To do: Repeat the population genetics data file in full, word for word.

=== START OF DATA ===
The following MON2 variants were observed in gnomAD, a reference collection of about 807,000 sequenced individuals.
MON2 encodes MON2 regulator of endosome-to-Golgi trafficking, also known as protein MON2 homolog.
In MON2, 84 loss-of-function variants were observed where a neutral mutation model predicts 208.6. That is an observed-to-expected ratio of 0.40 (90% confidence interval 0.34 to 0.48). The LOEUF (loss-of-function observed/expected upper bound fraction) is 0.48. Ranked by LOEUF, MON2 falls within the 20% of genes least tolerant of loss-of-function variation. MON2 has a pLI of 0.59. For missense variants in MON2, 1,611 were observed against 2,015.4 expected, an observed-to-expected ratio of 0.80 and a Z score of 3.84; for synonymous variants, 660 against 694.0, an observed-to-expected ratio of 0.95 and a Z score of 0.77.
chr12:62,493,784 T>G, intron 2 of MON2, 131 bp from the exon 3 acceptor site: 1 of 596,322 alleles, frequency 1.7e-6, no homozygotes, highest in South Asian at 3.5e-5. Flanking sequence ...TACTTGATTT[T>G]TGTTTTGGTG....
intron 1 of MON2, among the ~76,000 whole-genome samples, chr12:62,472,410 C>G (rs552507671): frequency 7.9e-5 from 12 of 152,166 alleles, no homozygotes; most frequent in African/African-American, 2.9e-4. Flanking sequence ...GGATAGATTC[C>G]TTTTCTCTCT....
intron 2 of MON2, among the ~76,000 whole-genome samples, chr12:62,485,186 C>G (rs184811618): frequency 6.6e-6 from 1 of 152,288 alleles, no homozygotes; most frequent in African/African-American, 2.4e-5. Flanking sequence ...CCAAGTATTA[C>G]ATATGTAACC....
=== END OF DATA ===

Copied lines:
The following MON2 variants were observed in gnomAD, a reference collection of about 807,000 sequenced individuals.
MON2 encodes MON2 regulator of endosome-to-Golgi trafficking, also known as protein MON2 homolog.
In MON2, 84 loss-of-function variants were observed where a neutral mutation model predicts 208.6. That is an observed-to-expected ratio of 0.40 (90% confidence interval 0.34 to 0.48). The LOEUF (loss-of-function observed/expected upper bound fraction) is 0.48. Ranked by LOEUF, MON2 falls within the 20% of genes least tolerant of loss-of-function variation. MON2 has a pLI of 0.59. For missense variants in MON2, 1,611 were observed against 2,015.4 expected, an observed-to-expected ratio of 0.80 and a Z score of 3.84; for synonymous variants, 660 against 694.0, an observed-to-expected ratio of 0.95 and a Z score of 0.77.
chr12:62,493,784 T>G, intron 2 of MON2, 131 bp from the exon 3 acceptor site: 1 of 596,322 alleles, frequency 1.7e-6, no homozygotes, highest in South Asian at 3.5e-5. Flanking sequence ...TACTTGATTT[T>G]TGTTTTGGTG....
intron 1 of MON2, among the ~76,000 whole-genome samples, chr12:62,472,410 C>G (rs552507671): frequency 7.9e-5 from 12 of 152,166 alleles, no homozygotes; most frequent in African/African-American, 2.9e-4. Flanking sequence ...GGATAGATTC[C>G]TTTTCTCTCT....
intron 2 of MON2, among the ~76,000 whole-genome samples, chr12:62,485,186 C>G (rs184811618): frequency 6.6e-6 from 1 of 152,288 alleles, no homozygotes; most frequent in African/African-American, 2.4e-5. Flanking sequence ...CCAAGTATTA[C>G]ATATGTAACC....